BRASÍLIA – Telephone companies will be able to reduce the number of stores with in-person service and sell plans that only offer digital service to solve customers’ day-to-day problems. On the other hand, operators will have to reduce unwanted calls to consumers’ phones.
The new rules are foreseen in the General Regulation on Consumer Rights for Telecommunications Services (RGC)approved by the Board of Directors of the National Telecommunications Agency (Anatel) on October 27th.
Currently, companies such as Tim, Vivo and Claro must maintain at least one in-person service store for each region with 100 thousand inhabitants or more, with an additional unit for every 400 thousand inhabitants. With the new rule, they will only be required to have one in-person service location in each region that has 100,000 active users, regardless of the number of inhabitants.
In practice, the number of physical stores could decrease from 2,800 to 789 across the country, according to Anatel’s own projections. In other words, in many locations, consumers will depend exclusively on 0800 or virtual assistance to resolve their problems.
For Luã Cruz, a specialist in Telecommunications and Digital Rights at the Brazilian Institute for Consumer Protection (Idec), the decision is worrying. “Many people have difficulty expressing their situation over the phone or online. The person will want to resolve the situation and probably won’t be able to. This is already happening nowadays and it will get worse,” he says.
According to Cruz, Anatel’s decision was taken even after Idec’s opposing positions. He said that the Agency introduced the new rule because maintaining in-person stores would be very costly for operators.
The rapporteur of the process at Anatel, counselor Vicente Bandeira de Aquino Neto, proposed a middle ground to maintain the obligation of face-to-face service for 50 thousand users, but was unsuccessful.
Plans may have 100% digital service, but with limited use of robots
With the new rules, companies will be able to sell cell phone or internet plans that only offer digital service to solve consumers’ day-to-day problems. If the customer opts for this plan, which may even be cheaper, they will not be entitled to face-to-face service. It is a model similar to that of 100% digital banks. “In practice, consumers will have to pay an expensive plan if they want in-person service,” notes Cruz.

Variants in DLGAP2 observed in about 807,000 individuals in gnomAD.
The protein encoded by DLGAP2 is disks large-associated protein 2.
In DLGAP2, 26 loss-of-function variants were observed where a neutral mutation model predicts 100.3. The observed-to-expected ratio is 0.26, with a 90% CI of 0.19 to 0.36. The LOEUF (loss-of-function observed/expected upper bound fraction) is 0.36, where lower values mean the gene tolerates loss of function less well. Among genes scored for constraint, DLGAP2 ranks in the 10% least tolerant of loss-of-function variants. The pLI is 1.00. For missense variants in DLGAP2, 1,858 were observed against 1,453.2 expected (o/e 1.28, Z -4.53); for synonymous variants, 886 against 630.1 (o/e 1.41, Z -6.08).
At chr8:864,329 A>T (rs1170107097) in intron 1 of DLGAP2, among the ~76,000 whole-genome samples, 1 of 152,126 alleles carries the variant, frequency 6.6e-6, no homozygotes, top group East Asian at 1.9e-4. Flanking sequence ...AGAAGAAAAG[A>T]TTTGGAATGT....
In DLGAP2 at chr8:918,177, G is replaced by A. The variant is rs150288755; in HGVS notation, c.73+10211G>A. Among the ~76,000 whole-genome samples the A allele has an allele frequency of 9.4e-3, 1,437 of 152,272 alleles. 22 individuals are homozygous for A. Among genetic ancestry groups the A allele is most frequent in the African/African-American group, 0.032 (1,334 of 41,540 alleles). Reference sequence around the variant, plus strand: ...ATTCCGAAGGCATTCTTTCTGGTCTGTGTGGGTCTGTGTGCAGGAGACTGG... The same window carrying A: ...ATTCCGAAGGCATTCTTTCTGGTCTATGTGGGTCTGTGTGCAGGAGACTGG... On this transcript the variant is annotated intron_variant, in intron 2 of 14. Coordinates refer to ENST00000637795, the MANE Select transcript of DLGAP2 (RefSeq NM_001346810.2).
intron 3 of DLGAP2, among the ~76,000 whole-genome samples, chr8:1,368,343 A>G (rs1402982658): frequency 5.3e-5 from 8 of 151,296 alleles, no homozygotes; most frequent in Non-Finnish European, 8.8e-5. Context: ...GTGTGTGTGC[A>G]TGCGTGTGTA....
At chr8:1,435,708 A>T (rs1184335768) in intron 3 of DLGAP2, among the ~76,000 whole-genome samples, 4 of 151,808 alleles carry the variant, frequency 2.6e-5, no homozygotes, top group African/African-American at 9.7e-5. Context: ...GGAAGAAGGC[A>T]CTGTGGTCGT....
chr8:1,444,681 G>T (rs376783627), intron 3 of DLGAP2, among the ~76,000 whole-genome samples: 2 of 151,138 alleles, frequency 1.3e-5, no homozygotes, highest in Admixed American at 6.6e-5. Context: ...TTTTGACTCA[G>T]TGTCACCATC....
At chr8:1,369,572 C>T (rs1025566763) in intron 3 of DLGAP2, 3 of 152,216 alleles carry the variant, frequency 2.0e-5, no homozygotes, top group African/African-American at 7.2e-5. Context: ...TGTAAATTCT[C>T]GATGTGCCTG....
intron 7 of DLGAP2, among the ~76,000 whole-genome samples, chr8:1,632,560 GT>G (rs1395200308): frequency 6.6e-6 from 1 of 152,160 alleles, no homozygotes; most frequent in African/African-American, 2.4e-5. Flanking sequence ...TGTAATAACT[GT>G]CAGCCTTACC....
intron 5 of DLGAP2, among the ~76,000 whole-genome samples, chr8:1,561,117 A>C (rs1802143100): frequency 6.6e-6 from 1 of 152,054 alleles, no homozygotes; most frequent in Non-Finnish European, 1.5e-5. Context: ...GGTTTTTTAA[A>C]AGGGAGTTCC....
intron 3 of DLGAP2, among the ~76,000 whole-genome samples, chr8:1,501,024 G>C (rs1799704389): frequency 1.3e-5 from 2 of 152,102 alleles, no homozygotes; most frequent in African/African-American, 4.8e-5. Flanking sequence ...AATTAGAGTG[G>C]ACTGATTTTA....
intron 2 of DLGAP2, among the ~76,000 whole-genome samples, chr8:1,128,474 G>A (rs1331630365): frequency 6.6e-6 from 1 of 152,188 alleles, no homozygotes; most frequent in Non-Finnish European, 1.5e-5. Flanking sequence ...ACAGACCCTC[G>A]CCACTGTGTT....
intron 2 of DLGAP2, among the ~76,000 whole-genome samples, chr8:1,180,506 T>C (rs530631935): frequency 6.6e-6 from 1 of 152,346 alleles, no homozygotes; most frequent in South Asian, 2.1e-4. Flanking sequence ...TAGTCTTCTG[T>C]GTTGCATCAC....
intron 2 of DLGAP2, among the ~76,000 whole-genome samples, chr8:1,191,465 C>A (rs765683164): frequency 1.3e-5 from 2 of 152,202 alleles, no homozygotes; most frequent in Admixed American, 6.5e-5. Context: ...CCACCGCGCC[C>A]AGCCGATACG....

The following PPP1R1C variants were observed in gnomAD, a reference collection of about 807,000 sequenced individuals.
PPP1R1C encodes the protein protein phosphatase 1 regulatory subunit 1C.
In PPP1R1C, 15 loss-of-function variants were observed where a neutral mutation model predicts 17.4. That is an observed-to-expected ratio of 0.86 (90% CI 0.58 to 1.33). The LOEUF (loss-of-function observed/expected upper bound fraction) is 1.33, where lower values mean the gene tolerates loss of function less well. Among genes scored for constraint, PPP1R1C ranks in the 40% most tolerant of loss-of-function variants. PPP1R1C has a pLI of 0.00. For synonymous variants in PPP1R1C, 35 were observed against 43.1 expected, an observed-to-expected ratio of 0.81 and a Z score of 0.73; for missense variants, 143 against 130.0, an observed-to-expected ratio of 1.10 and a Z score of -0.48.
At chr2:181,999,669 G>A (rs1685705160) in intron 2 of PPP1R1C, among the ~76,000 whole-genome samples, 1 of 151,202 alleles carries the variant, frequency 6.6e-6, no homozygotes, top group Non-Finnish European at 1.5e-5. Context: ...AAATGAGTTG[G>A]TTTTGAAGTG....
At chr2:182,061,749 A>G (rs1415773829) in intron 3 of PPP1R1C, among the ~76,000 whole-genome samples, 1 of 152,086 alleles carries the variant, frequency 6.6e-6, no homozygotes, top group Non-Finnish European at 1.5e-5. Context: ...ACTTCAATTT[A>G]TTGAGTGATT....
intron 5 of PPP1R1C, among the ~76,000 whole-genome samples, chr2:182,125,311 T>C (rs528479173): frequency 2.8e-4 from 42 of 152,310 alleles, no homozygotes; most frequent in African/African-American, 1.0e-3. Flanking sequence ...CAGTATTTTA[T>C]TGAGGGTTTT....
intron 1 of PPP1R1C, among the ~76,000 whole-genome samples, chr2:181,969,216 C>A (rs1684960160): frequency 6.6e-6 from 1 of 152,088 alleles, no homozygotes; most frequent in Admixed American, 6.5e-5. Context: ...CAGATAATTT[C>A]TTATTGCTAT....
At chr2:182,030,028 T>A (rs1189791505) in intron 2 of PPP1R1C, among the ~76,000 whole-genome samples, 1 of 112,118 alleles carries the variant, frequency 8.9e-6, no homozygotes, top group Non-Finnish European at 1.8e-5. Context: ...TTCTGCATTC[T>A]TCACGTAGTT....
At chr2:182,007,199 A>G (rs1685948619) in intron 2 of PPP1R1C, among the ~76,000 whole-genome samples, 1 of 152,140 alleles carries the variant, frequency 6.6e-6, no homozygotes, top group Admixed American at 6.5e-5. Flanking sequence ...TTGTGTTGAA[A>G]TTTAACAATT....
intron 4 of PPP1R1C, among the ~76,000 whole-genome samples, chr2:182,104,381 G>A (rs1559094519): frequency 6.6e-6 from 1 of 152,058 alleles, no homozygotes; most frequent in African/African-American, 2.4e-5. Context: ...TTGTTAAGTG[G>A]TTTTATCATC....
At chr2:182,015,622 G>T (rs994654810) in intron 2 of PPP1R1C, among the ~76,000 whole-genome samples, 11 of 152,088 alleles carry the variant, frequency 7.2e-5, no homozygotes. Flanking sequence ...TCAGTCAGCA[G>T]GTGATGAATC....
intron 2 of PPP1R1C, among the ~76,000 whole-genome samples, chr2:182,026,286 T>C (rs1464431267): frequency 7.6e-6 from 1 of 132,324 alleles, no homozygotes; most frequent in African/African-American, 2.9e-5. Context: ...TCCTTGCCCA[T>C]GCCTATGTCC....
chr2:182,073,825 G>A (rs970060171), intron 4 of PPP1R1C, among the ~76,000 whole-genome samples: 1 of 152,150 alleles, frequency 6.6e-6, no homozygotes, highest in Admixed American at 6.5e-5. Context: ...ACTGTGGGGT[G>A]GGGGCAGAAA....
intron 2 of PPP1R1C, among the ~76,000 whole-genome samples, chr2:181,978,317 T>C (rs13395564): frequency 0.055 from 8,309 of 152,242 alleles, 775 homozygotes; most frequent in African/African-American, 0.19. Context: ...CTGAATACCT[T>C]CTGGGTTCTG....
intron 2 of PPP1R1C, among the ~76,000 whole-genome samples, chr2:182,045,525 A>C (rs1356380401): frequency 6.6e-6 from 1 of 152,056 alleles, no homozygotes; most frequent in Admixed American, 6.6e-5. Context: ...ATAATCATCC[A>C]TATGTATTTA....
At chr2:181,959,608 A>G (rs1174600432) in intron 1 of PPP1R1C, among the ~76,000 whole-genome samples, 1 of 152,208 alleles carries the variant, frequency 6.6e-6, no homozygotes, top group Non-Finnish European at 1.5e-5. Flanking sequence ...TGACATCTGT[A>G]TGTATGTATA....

Operators, on the other hand, will have to limit robot service to all customers. The model “type 1 if you want this, type 2 if you want that” without the option “type 9 to speak to our attendants”, or even assistance only via WhatsApp, increased during the covid-19 pandemic and continued with the dismissal of employees who used to serve customers over the phone. Now, telcos must have human attendants 24 hours a day for urgent demands and from 6am to 10pm every day for other requests.
Customer may choose not to receive telemarketing calls from the operator
Another controversy addressed by Anatel’s new rules were telemarketing calls selling products and services to consumers. The customer can choose not to receive calls, with this clause expressed in the contract, and the “do not disturb me” option must be available and accessible on the companies’ websites.
Anatel assesses that not all telemarketing calls are abusive, despite this practice being one of the biggest complaints from consumers. In response to Idec in the process that originated the regulation, the agency stated that “some consumers are interested in receiving this type of call, as they can obtain economic benefits or offers that are more advantageous to them.” In other words, in Anatel’s opinion, there are customers who like to receive telemarketing calls.
Wanted by EstadãoAnatel and Conexis Brasil Digital, the union that represents mobile phone companies, did not comment on the new rules until the publication of this report.